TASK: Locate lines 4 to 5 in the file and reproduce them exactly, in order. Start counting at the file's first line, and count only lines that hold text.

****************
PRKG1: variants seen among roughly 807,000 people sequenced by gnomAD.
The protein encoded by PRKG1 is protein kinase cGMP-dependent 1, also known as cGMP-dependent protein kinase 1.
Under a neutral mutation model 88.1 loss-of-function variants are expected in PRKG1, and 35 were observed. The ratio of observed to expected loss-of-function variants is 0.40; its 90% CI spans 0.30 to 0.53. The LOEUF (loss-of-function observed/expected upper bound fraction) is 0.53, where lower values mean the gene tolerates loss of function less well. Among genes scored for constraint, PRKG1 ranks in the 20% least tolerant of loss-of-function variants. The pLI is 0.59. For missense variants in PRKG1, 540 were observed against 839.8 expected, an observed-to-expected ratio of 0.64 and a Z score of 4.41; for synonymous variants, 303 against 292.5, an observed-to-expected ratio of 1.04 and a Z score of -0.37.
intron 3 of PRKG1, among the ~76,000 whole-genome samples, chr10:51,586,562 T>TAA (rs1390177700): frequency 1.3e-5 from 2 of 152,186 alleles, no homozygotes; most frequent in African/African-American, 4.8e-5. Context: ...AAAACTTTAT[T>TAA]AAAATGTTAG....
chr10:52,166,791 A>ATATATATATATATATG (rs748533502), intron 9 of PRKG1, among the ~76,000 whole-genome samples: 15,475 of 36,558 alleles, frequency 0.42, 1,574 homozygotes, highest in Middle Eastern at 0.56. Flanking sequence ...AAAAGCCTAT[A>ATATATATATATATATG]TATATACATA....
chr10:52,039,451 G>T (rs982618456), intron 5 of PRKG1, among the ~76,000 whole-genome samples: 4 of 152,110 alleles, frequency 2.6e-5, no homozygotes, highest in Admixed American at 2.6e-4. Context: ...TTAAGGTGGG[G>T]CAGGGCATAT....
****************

intron 3 of PRKG1, among the ~76,000 whole-genome samples, chr10:51,586,562 T>TAA (rs1390177700): frequency 1.3e-5 from 2 of 152,186 alleles, no homozygotes; most frequent in African/African-American, 4.8e-5. Context: ...AAAACTTTAT[T>TAA]AAAATGTTAG....
chr10:52,166,791 A>ATATATATATATATATG (rs748533502), intron 9 of PRKG1, among the ~76,000 whole-genome samples: 15,475 of 36,558 alleles, frequency 0.42, 1,574 homozygotes, highest in Middle Eastern at 0.56. Flanking sequence ...AAAAGCCTAT[A>ATATATATATATATATG]TATATACATA....